A 'legend' in his own right, the star also known as the Funki Dred was quick to dismiss the tag during his well-received appearance at this year's Wolverhampton Literature Festival at the Newhampton Arts Centre, in Whitmore Reans.
The Soul II Soul founder behind late 80s hits 'Keep on Movin' and 'Back to Life' along with album Club Classics Vol One, was in town to share "nuggets" as he described them, from his autobiography A Happy Face. A Thumpin’ Bass, For A Lovin’ Race.
The book's title takes its name from festival headliner Jazzie's long time motto.
Jazzie B, real name Trevor Romeo, said: "Legacy? Legend? That ain't the party that I'm trying to throw here. Legend is when you pass away. That's scary.
"When you look at the whole idea of imperialism and the slavery system and so on, we thought what we were about was pretty simple. It was being the biggest sound system in the world."
"I just understood how to get on the journey a little bit quicker than other people," the producer, a former trainee teacher, explained.
And he said it was pleasing to see the next generation of stars such as Stormzy able to break through and make a name for themselves in the industry that was fraught with challenges for soul artists three decades ago when the names Soul II Soul and the Funki Dred burst onto the scene.
"To get recognition in America before we got recognition in the UK is something that really spurred us on.
"I spent a lot of time with James Brown who treated me like a son. I didn't have those types of conversations with my own dad. But we are the elders now, realising what we've achieved and what it takes to get to this point."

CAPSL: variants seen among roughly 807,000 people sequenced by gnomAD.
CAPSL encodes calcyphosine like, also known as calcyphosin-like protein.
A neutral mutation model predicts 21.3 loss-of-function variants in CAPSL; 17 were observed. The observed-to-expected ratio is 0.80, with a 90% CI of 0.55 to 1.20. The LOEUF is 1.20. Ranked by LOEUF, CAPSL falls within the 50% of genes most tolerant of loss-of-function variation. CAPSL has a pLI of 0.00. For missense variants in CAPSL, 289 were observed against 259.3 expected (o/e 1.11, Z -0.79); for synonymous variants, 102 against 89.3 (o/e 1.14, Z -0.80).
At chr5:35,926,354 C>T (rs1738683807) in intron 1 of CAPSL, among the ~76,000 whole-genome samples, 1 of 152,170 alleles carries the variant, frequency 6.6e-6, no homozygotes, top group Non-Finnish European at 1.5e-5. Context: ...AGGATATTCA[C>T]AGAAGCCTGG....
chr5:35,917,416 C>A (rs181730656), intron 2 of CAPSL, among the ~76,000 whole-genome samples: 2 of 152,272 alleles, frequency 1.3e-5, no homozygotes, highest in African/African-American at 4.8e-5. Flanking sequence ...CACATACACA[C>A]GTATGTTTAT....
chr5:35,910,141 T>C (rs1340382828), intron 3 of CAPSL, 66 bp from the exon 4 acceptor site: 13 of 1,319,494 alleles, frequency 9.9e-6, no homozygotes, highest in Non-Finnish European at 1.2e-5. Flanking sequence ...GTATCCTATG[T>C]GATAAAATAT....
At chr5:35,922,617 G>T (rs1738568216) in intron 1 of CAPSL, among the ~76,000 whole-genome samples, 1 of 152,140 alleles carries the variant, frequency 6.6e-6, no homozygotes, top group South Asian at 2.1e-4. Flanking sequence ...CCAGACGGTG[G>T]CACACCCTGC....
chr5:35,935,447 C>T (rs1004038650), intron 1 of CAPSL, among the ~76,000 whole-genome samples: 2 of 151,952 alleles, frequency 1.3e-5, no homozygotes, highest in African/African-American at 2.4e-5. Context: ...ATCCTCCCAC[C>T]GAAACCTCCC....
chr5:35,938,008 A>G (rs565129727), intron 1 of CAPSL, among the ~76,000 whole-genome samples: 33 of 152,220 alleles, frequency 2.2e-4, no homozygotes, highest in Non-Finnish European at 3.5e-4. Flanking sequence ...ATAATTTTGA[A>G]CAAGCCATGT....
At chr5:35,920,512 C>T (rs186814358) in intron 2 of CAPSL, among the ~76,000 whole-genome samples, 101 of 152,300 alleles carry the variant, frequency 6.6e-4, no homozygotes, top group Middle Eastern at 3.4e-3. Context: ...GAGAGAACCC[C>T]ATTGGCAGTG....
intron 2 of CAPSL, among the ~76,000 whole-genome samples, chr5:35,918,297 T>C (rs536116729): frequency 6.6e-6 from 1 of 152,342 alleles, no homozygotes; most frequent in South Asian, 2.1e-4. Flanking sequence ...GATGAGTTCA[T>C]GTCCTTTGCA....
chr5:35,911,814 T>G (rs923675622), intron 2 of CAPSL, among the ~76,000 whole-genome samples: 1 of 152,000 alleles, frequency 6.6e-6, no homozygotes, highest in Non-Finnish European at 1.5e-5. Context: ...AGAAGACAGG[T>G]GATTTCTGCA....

Now aged 60, he drew chuckles as he explained how his early days in the United States resulted in Barry White taking him under his wing when "I got a bit lost", to give him some good advice about returning home to London to work on his dream of setting up the world's biggest sound system - advice which he followed and went on to sell millions of records.
And the "rest as they say was history," Jazzie B added.
Priced at £50 the print signed limited edition hardback, tells the story of his rise from the sound system circuit and pirate radio to worldwide fame, Grammy awards and an OBE in 2008 for providing opportunities for aspiring dee jays.
Hosted by Wolverhampton Council, the literature festival aims to showcase a diverse array of writers and publishers in the Black Country and beyond.
In 2020 the festival, which was launched in 2016, ran online during the coronavirus crisis.
This year's event ends on Sunday. To join in see website wolvesliteraturefestival.co.uk/index.html#at-a-glance.